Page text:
Featured Member September, 2019 - Valrie Simpson
Each month we feature a member of the Jamaican Women of Florida as a way for us to learn more about each other and share the stories of the powerful women who make up this wonderful organization. September’s featured member is Ms. Valrie Simpson, who is one of our Founding Members. We’re proud to have her as one of our members.
Valrie Simpson is the Regional Manager, Broward County Libraries, Central Region. A true cultural ambassador Valerie knows the importance of passing on the Caribbean culture to the next generation. In 2012 she was selected by Riddims' Marketing online Caribbean magazine as the CHANGE maker for her dedication towards the preservation and exhibition of Caribbean arts throughout South Florida and Internationally. She was named as a luminary on Jamaica's Consul's General list of Jamaica 50 Diaspora honorees for Florida and the South U.S.A.
Valerie is the second child for Bertha and Cleveland Simpson, sister to Carrol, Consuala Grace and Faith (June), mother to Nailah and Zahra-Joye and grandmother to Emery, Hollis, and Cleo. Valerie is also a Founding member for Jamaican Women of Florida.
Describe yourself using 3/5 words
I consider myself caring, creative, curious, meticulous and mindful.
What motivates you?
Information Sharing. learning something new and sharing with others. I thought I was a Librarian by chance of my impatience to stand in the long 1977 UWI [Mona], Social Sciences registration line in pursuit of my desire to be an Urban Planner and the sight of a short line with two or three students registering for Library Studies! Now I know it was my deep seated desire to learn the best ways to share information.
Name something you are passionate about and why?
Genealogy; family histories. I’m fascinated by the six degrees of separation. I had a coworker whom my 5 year old first daughter insisted on calling Aunty Carrol… I saw a vague resemblance between my sister and my co-worker, not enough for me to query her, now I am sorry I did not… fast forward thirty years, in one of my genealogy searches I found my maternal Great Grand Mother, Rebecca Lawrence and she is probably a relative of my coworker – who has since passed on, because her maiden name was Lawrence. Things that make you go hmm, hmm, hmm.
Who has impressed you most with what they’ve accomplished?
I’m amazed and impressed by persons who are able to overcome or persevere through adversity to victory. JWOF’s Women’s Empowerment Conference has been and continues to be a wellspring of Jamaicans who are pushing through barriers and leaving their “Brand Jamaica” imprint on the world.
What age do you wish you could permanently be? And why?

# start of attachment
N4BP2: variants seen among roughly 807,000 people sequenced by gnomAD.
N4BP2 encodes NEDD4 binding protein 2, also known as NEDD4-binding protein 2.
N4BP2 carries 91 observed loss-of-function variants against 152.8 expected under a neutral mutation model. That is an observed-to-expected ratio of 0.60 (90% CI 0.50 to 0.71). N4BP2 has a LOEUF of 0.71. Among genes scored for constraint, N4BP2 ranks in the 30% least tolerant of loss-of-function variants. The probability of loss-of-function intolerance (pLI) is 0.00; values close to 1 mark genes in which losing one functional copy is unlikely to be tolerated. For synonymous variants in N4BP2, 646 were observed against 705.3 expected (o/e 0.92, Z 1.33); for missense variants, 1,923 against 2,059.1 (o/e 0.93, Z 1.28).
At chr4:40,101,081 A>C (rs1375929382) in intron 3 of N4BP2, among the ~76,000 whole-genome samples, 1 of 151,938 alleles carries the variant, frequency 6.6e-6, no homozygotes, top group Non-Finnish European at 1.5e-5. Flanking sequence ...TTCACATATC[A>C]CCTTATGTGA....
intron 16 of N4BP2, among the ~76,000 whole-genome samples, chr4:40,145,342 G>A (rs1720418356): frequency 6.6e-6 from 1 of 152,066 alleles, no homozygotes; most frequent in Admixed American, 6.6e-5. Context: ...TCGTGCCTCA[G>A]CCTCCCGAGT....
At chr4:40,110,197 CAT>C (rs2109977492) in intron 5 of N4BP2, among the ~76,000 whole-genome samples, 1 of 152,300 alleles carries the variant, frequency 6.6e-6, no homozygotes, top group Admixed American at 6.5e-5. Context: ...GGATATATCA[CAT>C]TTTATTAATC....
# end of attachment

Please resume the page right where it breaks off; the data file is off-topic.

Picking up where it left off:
On my 52nd Birthday, I wrote on a bookmark that I made – “At the age of Fifty-Two… in my dreams I remain somewhere between twenty-five and twenty-two”. I love the time between 22 and 52 best, I was blooming!
What’s something you like to do the old-fashioned way?
Shop – I want to investigate and experience the “thing” that is going to belong to me with at least two of my senses and pay for my purchase by writing a cheque! I miss going to Papine Market with its mingled odors of fresh fruits, vegetables and the shwah shwah sound of walking on the banana leaf carpet. I still sniff for the sugar in pineapples before buying it, in Costco!
What was the best book or series that you’ve ever read?
I love Caribbean and Historical novels, children’s books, The Holy Bible and Our Daily Bread – I love reading to my grand-daughters. I have a list of authors that I will listen for the announcement of new books, and check the library shelves for titles I may have missed. Recent books I’ve read include a re-listen of The Bluest Eye/ Toni Morrison, Educated/ Tara Westover, The Library Book/ Susan Orlean [don’t judge this book by the title – it is a fascinating record of the Los Angeles Library fire combined with the science of fires, a history of libraries and the author’s memoir], The Dressmaker’s War/ Mary Chamberlain, ‘Til the Well Runs Dry: A Novel/ Lauren Francis Sharma – this one’s a Trinidadian immigrant story that starts there in 1943, infused with the sights, sounds and racial mingling in T’n’T and Marcia Garcia’s experiences in America! Loved Lorna Goodison’s From Harvey River, and seek out the latest writings of Edwidge Danticat, Toni Morrison, Jhumpa Lahiri, Ken Follet…
‘cause it’s the right place for a well-thinking Jamaican Woman in Florida to be! Check out the website at www.jamaicanwomenofflorida.com and you will see /read for yourself, this is where you should be… man or woman, senior or teen, trust me!